Tuesday, November 28, 2006

Lailey Vineyard 2005 Riesling - $13.95

For the second time Lailey appears in our weekly wine notes – not because I don’t think they deserve a newsletter spotlight – but because they make wine in limited quantity and I want to alert you to some great wines that you’d otherwise probably miss out on if I slotted them into one of the next available spots in a newsletter. Whatever my reasoning, you’ll thank me once I tell you about this one. Great acidity and mouth-filling are two words I could use to describe this wine – but there is so much more to it than just that. Derek Barnett (winemaker of Lailey) really knows how to make a Riesling that is both dry but tastes sweet – this one is truly an experience. Deep rich flavours, mouth-coating feel ... apples, peach, lime and mango on the nose and it follows right through on the taste - best part of all, it stays there - lick your cheeks and you taste it again, lick your lips and yup, it's still there ... absolutely scrumptious. Available at the winery only.

Tuesday, November 21, 2006

Pelee Island Winery 2005 Cabernet Franc - $10.95

Cheap and cheerful, that’s the best way to describe this red – especially the way it was served to me. When I visited Pelee Island this summer they served it slightly chilled to demonstrate how some reds could be drunk that way. “We chill our younger reds,” retail manager Melissa told me, “because it softens their tannins and makes them easier to drink in the heat of summer.” This wine has a great fruit forward taste, because it wa chilled the usual green pepper taste and smell you find in Franc had dissipated - though I seem to enjoy those usual flavours in my Cab Franc, I find them as comforting as a warm blanket. Returning to room temperature, the pepper returns on the nose. Chilled or at room temperature there is some cedar and the taste has lots of berry flavours … as for those youthful tannins, they begin to show through as the wine warms up. Available at the winery and the LCBO.

Tuesday, November 14, 2006

Mountain Road Wine Company NV Riesling Winter Wine Blend #4 - $17.95

Not a late harvest, not an icewine – a sweet “winter wine”, the back of the bottle says: “This unique blend of 2002 dry Riesling and 1999 Riesling Pure Winter Wine is aimed to please the palate of wine lovers who find traditional dessert wine too sweet.” And yes, at 7.7 on the sugar code it is less than half of most late harvests and about one-quarter that of icewine … so how does it stack up against those two popular sweeties? A complex nose of honey, cinnamon, caramel apple, candied orange peel and cantaloupe. The taste is similarly sweet but with less of that cloying sweetness you’ll find in those previously mentioned dessert wines; instead this one is crisp and refreshing - palate cleansing in a way. Sweetness of apples, honey and dried candied apricots. There might be the faintest hint of oxidation, probably from the percentage of 1999 Dry Riesling used, but it’s ever so slight that it’s barely detectable; heck I shouldn’t even mention it. I wouldn’t hold this one much longer, but it’ll make for a perfect dessert wine for the holidays ahead – drink up now and enjoy. Available at the winery only.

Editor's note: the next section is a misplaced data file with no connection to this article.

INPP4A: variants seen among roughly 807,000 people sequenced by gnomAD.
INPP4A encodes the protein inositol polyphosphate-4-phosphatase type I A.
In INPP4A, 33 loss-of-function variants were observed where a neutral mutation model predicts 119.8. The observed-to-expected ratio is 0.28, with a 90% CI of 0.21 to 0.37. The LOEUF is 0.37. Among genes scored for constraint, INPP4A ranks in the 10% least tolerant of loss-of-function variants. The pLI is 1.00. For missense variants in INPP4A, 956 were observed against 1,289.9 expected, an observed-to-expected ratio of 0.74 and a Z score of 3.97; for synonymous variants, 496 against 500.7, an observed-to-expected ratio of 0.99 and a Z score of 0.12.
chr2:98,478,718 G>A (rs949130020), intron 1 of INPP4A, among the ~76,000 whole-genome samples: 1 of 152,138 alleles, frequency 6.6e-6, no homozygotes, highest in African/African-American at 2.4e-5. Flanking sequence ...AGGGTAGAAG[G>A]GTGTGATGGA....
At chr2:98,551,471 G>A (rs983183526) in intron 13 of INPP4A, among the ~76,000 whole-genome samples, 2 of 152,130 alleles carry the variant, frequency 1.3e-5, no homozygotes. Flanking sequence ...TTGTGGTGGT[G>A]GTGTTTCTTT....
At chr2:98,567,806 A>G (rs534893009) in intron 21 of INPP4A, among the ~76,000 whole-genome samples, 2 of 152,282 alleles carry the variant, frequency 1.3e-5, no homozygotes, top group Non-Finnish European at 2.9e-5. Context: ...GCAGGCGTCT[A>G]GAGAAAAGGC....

Tuesday, November 7, 2006

Harbour Estates 2004 Petit Verdot - $24.95

Here’s a wine I tried very recently at Harbour Estates. I have been looking forward to this straight varietal ever since I found out they were growing and making it. It first came onto my radar in a Cabernet-Petit Verdot blend, which I reviewed along with the winery in Newsletter #27), since that time I have been keeping my eyes open for this release, and finally it is here. The nose is sweet with raspberries, cherries, vanilla and spice, while the taste retains hints of that sweetness with a white pepper and cherry core along with more of that spicy-goodness. There’s very little in the way of tannins here, so it’s very smooth and ready to drink now. And there’s a wonderful lengthy fruit finish that sticks around pleasantly in the mouth long after the final swallow. You don’t find much Petit Verdot in Canada, and you rarely, if ever, are going to see it on it’s own (it’s more commonly used as a blending grape), so this truly is a treat; a rarity and in very limited supply. This is something unique, not only to Ontario, but, for the moment, to Harbour Estates … and the price reflects it. I would recommend picking up a bottle, and if you’re looking for a reason (other than the ones I’ve already given) to spend that kind of money … call it the curiosity factor. Available at the winery only.